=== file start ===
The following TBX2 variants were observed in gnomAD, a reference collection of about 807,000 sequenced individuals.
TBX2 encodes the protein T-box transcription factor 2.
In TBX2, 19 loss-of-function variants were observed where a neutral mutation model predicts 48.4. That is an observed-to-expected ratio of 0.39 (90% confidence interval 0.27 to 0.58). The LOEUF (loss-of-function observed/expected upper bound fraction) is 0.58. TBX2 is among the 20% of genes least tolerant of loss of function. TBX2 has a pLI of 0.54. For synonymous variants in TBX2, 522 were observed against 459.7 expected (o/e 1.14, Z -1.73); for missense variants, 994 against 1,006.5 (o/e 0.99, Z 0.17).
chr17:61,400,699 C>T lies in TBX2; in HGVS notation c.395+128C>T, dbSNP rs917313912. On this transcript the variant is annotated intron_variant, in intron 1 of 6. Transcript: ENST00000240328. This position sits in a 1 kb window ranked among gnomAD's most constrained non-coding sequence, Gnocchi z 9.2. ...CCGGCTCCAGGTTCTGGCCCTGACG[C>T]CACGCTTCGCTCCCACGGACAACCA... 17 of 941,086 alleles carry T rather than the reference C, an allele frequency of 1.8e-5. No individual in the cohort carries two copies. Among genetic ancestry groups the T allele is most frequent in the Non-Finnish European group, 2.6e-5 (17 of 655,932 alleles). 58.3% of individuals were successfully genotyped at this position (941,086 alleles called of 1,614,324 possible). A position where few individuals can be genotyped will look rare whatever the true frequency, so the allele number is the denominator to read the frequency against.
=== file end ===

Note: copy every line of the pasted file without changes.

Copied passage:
The following TBX2 variants were observed in gnomAD, a reference collection of about 807,000 sequenced individuals.
TBX2 encodes the protein T-box transcription factor 2.
In TBX2, 19 loss-of-function variants were observed where a neutral mutation model predicts 48.4. That is an observed-to-expected ratio of 0.39 (90% confidence interval 0.27 to 0.58). The LOEUF (loss-of-function observed/expected upper bound fraction) is 0.58. TBX2 is among the 20% of genes least tolerant of loss of function. TBX2 has a pLI of 0.54. For synonymous variants in TBX2, 522 were observed against 459.7 expected (o/e 1.14, Z -1.73); for missense variants, 994 against 1,006.5 (o/e 0.99, Z 0.17).
chr17:61,400,699 C>T lies in TBX2; in HGVS notation c.395+128C>T, dbSNP rs917313912. On this transcript the variant is annotated intron_variant, in intron 1 of 6. Transcript: ENST00000240328. This position sits in a 1 kb window ranked among gnomAD's most constrained non-coding sequence, Gnocchi z 9.2. ...CCGGCTCCAGGTTCTGGCCCTGACG[C>T]CACGCTTCGCTCCCACGGACAACCA... 17 of 941,086 alleles carry T rather than the reference C, an allele frequency of 1.8e-5. No individual in the cohort carries two copies. Among genetic ancestry groups the T allele is most frequent in the Non-Finnish European group, 2.6e-5 (17 of 655,932 alleles). 58.3% of individuals were successfully genotyped at this position (941,086 alleles called of 1,614,324 possible). A position where few individuals can be genotyped will look rare whatever the true frequency, so the allele number is the denominator to read the frequency against.